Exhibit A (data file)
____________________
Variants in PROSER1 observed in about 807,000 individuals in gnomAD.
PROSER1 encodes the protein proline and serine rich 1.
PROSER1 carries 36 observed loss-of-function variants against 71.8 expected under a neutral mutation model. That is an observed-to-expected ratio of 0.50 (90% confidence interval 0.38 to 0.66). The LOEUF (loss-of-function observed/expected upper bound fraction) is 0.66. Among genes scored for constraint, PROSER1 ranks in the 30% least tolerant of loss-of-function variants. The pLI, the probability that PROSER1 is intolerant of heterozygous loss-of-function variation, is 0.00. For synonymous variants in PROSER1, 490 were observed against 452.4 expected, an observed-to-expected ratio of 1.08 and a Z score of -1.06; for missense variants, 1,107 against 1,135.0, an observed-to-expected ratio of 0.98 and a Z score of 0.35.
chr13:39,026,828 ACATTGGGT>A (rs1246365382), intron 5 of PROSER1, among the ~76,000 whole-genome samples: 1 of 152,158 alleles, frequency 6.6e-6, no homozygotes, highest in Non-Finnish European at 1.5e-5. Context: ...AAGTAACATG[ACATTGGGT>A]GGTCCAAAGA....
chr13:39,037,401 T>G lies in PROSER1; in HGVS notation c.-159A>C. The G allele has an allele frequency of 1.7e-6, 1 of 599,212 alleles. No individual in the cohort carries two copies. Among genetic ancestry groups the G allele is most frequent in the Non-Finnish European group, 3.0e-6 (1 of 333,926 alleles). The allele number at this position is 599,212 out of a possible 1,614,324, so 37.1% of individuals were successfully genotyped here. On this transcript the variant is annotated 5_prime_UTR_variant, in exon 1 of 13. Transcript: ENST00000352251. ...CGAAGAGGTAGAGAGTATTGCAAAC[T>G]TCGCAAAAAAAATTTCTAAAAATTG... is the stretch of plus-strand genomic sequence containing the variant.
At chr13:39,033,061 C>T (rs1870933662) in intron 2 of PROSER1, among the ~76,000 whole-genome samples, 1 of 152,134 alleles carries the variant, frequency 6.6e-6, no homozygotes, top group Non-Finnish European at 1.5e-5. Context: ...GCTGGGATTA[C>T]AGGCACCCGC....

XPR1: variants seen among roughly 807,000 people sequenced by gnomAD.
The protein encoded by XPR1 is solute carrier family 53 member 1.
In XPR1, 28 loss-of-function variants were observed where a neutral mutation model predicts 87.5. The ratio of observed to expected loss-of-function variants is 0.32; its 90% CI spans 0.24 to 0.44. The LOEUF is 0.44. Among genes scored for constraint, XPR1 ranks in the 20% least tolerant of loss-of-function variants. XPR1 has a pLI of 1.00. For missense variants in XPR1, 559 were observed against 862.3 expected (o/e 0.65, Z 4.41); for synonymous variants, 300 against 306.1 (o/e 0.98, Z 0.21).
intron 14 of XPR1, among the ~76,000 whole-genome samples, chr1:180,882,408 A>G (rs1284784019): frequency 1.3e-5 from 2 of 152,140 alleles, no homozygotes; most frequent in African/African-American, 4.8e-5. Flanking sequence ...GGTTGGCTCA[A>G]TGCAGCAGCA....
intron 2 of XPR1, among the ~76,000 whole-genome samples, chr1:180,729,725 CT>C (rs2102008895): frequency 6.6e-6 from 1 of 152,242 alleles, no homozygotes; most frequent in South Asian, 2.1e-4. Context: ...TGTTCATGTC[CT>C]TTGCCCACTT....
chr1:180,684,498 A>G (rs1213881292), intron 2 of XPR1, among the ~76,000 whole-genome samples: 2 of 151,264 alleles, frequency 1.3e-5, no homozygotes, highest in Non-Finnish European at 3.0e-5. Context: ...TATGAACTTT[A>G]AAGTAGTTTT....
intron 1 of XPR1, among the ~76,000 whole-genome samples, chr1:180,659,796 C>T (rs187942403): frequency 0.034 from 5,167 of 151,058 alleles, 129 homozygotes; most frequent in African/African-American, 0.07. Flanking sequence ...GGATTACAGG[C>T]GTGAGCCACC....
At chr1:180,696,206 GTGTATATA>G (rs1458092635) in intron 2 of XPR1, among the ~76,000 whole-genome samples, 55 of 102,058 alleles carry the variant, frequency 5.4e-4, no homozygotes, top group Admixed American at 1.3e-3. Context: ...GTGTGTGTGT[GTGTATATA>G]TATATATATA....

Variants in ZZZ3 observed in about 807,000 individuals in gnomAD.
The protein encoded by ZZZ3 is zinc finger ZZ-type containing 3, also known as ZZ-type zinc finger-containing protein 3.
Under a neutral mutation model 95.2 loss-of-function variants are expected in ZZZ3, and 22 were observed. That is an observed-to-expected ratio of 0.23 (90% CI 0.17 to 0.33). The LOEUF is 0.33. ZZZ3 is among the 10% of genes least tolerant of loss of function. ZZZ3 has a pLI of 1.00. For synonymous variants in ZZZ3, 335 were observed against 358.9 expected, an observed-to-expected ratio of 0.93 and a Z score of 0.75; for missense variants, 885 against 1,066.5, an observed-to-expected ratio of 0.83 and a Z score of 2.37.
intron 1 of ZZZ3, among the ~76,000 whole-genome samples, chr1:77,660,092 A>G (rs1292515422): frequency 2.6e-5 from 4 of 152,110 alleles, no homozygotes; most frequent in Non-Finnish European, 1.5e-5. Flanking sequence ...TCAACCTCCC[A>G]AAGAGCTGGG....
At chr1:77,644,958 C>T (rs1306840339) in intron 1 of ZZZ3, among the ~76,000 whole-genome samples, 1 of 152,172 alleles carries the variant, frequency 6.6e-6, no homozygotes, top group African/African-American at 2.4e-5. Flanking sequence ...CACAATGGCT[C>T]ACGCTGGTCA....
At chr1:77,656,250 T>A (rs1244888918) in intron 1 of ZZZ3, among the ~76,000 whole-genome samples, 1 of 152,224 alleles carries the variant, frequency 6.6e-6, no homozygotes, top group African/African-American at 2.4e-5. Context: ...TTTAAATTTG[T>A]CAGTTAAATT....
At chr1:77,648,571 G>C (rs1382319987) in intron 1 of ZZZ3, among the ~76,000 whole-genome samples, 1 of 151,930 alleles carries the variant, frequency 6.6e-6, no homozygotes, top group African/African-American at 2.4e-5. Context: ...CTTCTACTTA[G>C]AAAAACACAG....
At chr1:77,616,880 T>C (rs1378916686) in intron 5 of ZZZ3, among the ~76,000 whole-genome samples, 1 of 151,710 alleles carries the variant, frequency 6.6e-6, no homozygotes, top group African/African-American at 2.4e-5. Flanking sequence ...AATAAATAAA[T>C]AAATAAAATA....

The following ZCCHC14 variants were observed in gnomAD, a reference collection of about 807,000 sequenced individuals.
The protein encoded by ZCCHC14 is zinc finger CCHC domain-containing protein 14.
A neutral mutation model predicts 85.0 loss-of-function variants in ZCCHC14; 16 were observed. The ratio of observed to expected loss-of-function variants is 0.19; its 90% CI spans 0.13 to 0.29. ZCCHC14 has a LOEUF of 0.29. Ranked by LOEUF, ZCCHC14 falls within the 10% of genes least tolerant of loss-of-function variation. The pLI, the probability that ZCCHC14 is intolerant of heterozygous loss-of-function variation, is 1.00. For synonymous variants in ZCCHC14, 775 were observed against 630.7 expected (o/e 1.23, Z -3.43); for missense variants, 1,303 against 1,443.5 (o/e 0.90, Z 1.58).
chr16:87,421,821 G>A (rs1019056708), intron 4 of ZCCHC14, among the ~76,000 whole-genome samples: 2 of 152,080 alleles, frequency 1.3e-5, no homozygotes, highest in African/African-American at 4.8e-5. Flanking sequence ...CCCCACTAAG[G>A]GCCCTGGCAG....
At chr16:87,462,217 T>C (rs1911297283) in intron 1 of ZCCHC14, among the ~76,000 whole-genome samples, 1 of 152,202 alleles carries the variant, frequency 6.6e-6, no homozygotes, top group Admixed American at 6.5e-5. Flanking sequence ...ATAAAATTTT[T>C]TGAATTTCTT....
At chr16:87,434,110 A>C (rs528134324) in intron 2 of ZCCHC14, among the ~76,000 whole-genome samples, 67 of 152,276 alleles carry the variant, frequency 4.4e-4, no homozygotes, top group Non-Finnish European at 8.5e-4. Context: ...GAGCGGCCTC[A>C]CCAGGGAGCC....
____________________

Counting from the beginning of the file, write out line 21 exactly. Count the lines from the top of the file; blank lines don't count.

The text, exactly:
At chr1:77,648,571 G>C (rs1382319987) in intron 1 of ZZZ3, among the ~76,000 whole-genome samples, 1 of 151,930 alleles carries the variant, frequency 6.6e-6, no homozygotes, top group African/African-American at 2.4e-5. Context: ...CTTCTACTTA[G>C]AAAAACACAG....